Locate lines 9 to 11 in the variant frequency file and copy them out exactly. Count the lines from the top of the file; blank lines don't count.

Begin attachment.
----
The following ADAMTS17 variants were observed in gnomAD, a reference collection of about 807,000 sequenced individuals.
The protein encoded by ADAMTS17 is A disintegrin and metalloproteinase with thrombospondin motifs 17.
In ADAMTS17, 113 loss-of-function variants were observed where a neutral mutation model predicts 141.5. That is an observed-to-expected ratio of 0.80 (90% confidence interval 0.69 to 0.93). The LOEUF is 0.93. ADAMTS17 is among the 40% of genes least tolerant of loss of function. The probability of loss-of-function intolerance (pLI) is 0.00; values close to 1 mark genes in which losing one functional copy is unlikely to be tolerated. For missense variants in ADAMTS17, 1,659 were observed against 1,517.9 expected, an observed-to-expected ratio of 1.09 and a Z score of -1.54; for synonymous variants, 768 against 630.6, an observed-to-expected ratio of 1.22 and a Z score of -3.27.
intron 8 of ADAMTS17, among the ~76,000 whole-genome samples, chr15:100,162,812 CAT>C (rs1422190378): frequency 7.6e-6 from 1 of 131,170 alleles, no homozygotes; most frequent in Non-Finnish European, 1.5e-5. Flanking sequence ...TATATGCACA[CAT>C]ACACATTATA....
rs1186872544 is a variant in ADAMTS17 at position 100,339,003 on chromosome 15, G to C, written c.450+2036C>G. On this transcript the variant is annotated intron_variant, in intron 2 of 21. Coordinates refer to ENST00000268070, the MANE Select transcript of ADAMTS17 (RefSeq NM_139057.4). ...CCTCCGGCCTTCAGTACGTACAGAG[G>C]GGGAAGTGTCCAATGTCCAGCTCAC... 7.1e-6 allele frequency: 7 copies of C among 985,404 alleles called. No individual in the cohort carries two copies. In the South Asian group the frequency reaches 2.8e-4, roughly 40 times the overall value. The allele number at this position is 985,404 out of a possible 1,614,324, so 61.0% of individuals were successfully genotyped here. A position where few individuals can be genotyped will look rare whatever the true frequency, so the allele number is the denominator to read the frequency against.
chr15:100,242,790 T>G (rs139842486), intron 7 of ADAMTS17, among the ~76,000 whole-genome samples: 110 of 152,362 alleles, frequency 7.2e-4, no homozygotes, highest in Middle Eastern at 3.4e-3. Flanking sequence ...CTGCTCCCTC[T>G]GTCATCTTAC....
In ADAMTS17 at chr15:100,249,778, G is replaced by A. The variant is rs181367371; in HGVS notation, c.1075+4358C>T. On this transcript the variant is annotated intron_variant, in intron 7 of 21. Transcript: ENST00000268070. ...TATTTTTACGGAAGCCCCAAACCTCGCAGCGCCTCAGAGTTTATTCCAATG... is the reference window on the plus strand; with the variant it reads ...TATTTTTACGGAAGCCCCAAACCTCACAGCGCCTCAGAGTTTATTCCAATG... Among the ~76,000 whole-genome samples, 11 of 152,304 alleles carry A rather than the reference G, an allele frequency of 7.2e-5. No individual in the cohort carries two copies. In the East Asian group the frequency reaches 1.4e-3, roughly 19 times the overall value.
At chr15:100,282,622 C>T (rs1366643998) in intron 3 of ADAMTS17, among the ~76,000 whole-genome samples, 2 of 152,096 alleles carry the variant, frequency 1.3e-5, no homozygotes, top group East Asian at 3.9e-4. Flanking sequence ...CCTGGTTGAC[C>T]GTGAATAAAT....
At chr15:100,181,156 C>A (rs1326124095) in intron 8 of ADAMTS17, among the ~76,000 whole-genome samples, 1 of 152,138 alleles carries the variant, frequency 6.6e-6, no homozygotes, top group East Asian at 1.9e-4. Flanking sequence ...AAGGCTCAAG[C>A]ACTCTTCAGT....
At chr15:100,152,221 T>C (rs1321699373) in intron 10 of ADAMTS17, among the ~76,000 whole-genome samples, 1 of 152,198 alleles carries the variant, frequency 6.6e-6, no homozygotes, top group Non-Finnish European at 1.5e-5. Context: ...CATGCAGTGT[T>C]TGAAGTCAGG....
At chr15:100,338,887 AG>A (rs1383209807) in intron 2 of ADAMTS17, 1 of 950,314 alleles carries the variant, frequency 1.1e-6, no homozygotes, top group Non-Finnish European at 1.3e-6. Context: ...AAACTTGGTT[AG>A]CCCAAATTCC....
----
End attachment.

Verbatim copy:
At chr15:100,181,156 C>A (rs1326124095) in intron 8 of ADAMTS17, among the ~76,000 whole-genome samples, 1 of 152,138 alleles carries the variant, frequency 6.6e-6, no homozygotes, top group East Asian at 1.9e-4. Flanking sequence ...AAGGCTCAAG[C>A]ACTCTTCAGT....
At chr15:100,152,221 T>C (rs1321699373) in intron 10 of ADAMTS17, among the ~76,000 whole-genome samples, 1 of 152,198 alleles carries the variant, frequency 6.6e-6, no homozygotes, top group Non-Finnish European at 1.5e-5. Context: ...CATGCAGTGT[T>C]TGAAGTCAGG....
At chr15:100,338,887 AG>A (rs1383209807) in intron 2 of ADAMTS17, 1 of 950,314 alleles carries the variant, frequency 1.1e-6, no homozygotes, top group Non-Finnish European at 1.3e-6. Context: ...AAACTTGGTT[AG>A]CCCAAATTCC....